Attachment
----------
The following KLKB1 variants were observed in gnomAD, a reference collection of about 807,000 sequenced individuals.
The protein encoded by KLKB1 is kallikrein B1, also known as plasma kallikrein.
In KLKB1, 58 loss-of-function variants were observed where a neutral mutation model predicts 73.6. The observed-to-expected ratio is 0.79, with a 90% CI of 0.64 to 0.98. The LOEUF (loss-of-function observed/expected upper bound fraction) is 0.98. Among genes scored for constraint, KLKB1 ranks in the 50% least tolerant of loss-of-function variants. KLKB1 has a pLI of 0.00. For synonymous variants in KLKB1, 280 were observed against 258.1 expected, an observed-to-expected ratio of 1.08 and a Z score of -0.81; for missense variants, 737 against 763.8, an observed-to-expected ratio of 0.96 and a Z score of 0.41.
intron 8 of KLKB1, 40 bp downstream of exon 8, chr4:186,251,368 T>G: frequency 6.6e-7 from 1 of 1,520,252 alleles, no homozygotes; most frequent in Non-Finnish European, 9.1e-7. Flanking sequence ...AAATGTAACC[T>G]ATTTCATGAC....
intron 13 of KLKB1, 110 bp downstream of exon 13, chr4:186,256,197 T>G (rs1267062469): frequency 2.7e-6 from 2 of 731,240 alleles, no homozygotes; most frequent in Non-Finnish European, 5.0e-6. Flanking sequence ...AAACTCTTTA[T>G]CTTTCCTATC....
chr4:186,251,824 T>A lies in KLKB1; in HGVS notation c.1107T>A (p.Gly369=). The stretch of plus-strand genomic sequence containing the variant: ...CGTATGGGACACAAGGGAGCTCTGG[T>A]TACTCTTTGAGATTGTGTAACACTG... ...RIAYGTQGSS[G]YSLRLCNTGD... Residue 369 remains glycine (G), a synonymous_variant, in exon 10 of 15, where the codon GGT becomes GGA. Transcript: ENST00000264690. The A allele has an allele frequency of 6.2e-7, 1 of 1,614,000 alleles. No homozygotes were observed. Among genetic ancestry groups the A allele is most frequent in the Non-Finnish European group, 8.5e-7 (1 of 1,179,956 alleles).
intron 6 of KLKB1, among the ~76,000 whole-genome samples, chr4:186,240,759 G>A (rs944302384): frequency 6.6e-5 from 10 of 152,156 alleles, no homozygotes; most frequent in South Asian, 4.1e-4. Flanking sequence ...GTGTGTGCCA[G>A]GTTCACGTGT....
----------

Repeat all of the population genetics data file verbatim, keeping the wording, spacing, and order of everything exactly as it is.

The following KLKB1 variants were observed in gnomAD, a reference collection of about 807,000 sequenced individuals.
The protein encoded by KLKB1 is kallikrein B1, also known as plasma kallikrein.
In KLKB1, 58 loss-of-function variants were observed where a neutral mutation model predicts 73.6. The observed-to-expected ratio is 0.79, with a 90% CI of 0.64 to 0.98. The LOEUF (loss-of-function observed/expected upper bound fraction) is 0.98. Among genes scored for constraint, KLKB1 ranks in the 50% least tolerant of loss-of-function variants. KLKB1 has a pLI of 0.00. For synonymous variants in KLKB1, 280 were observed against 258.1 expected, an observed-to-expected ratio of 1.08 and a Z score of -0.81; for missense variants, 737 against 763.8, an observed-to-expected ratio of 0.96 and a Z score of 0.41.
intron 8 of KLKB1, 40 bp downstream of exon 8, chr4:186,251,368 T>G: frequency 6.6e-7 from 1 of 1,520,252 alleles, no homozygotes; most frequent in Non-Finnish European, 9.1e-7. Flanking sequence ...AAATGTAACC[T>G]ATTTCATGAC....
intron 13 of KLKB1, 110 bp downstream of exon 13, chr4:186,256,197 T>G (rs1267062469): frequency 2.7e-6 from 2 of 731,240 alleles, no homozygotes; most frequent in Non-Finnish European, 5.0e-6. Flanking sequence ...AAACTCTTTA[T>G]CTTTCCTATC....
chr4:186,251,824 T>A lies in KLKB1; in HGVS notation c.1107T>A (p.Gly369=). The stretch of plus-strand genomic sequence containing the variant: ...CGTATGGGACACAAGGGAGCTCTGG[T>A]TACTCTTTGAGATTGTGTAACACTG... ...RIAYGTQGSS[G]YSLRLCNTGD... Residue 369 remains glycine (G), a synonymous_variant, in exon 10 of 15, where the codon GGT becomes GGA. Transcript: ENST00000264690. The A allele has an allele frequency of 6.2e-7, 1 of 1,614,000 alleles. No homozygotes were observed. Among genetic ancestry groups the A allele is most frequent in the Non-Finnish European group, 8.5e-7 (1 of 1,179,956 alleles).
intron 6 of KLKB1, among the ~76,000 whole-genome samples, chr4:186,240,759 G>A (rs944302384): frequency 6.6e-5 from 10 of 152,156 alleles, no homozygotes; most frequent in South Asian, 4.1e-4. Flanking sequence ...GTGTGTGCCA[G>A]GTTCACGTGT....